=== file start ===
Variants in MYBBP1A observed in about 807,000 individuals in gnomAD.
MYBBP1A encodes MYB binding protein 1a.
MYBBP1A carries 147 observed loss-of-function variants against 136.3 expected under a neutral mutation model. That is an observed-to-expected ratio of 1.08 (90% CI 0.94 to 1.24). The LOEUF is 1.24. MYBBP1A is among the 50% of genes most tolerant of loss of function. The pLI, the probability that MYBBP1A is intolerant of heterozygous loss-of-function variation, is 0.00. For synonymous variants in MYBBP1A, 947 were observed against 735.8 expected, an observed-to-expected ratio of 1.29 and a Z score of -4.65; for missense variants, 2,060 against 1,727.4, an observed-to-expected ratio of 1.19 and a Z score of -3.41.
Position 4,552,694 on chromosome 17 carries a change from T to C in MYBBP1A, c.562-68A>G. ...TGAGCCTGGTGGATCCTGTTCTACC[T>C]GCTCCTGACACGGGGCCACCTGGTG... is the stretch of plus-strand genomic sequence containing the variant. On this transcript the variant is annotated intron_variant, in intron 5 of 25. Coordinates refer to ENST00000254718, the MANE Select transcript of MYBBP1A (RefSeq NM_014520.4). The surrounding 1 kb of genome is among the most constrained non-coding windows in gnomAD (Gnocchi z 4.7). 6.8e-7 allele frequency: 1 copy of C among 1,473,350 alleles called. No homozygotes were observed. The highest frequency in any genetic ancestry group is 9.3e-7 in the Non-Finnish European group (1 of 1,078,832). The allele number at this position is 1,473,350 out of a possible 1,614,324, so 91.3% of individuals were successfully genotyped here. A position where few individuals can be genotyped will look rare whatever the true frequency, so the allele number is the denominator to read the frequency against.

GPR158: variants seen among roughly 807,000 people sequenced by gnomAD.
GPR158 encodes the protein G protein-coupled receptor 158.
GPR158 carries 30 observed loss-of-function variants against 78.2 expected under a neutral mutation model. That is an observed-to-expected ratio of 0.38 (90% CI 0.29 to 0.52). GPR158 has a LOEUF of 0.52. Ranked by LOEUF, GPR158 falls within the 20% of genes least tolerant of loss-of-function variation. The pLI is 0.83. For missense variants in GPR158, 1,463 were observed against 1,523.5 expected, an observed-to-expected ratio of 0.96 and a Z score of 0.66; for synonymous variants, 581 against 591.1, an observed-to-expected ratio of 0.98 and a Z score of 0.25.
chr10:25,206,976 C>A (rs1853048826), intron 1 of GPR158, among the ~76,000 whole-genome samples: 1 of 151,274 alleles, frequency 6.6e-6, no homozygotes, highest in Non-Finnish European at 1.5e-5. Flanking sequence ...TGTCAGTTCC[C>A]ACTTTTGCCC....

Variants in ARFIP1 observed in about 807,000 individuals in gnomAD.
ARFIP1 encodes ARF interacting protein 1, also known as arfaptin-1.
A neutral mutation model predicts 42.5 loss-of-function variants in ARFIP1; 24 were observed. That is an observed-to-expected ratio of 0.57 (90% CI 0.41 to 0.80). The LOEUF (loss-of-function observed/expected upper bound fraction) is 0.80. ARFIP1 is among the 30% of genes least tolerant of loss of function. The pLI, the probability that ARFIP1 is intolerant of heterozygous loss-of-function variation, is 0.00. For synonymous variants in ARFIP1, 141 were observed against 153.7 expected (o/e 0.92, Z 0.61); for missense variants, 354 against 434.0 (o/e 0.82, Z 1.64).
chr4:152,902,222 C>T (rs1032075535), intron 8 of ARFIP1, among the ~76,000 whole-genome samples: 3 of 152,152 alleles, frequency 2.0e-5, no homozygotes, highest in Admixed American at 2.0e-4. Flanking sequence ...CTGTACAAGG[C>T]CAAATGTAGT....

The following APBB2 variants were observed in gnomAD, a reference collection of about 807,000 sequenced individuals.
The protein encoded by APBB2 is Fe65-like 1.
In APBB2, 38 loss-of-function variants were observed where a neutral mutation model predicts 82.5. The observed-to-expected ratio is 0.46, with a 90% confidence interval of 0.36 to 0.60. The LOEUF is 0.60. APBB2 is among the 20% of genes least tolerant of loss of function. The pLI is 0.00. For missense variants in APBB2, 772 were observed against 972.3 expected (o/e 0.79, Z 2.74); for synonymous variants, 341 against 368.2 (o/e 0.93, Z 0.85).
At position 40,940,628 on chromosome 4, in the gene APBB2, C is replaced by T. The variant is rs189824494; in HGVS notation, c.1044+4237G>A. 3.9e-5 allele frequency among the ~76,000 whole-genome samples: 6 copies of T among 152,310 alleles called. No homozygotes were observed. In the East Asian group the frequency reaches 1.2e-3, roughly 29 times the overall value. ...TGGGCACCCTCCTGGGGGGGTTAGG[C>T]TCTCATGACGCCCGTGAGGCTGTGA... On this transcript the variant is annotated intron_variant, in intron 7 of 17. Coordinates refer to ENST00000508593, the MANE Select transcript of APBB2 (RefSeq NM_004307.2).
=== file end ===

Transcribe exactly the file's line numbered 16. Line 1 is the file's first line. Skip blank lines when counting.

At position 40,940,628 on chromosome 4, in the gene APBB2, C is replaced by T. The variant is rs189824494; in HGVS notation, c.1044+4237G>A. 3.9e-5 allele frequency among the ~76,000 whole-genome samples: 6 copies of T among 152,310 alleles called. No homozygotes were observed. In the East Asian group the frequency reaches 1.2e-3, roughly 29 times the overall value. ...TGGGCACCCTCCTGGGGGGGTTAGG[C>T]TCTCATGACGCCCGTGAGGCTGTGA... On this transcript the variant is annotated intron_variant, in intron 7 of 17. Coordinates refer to ENST00000508593, the MANE Select transcript of APBB2 (RefSeq NM_004307.2).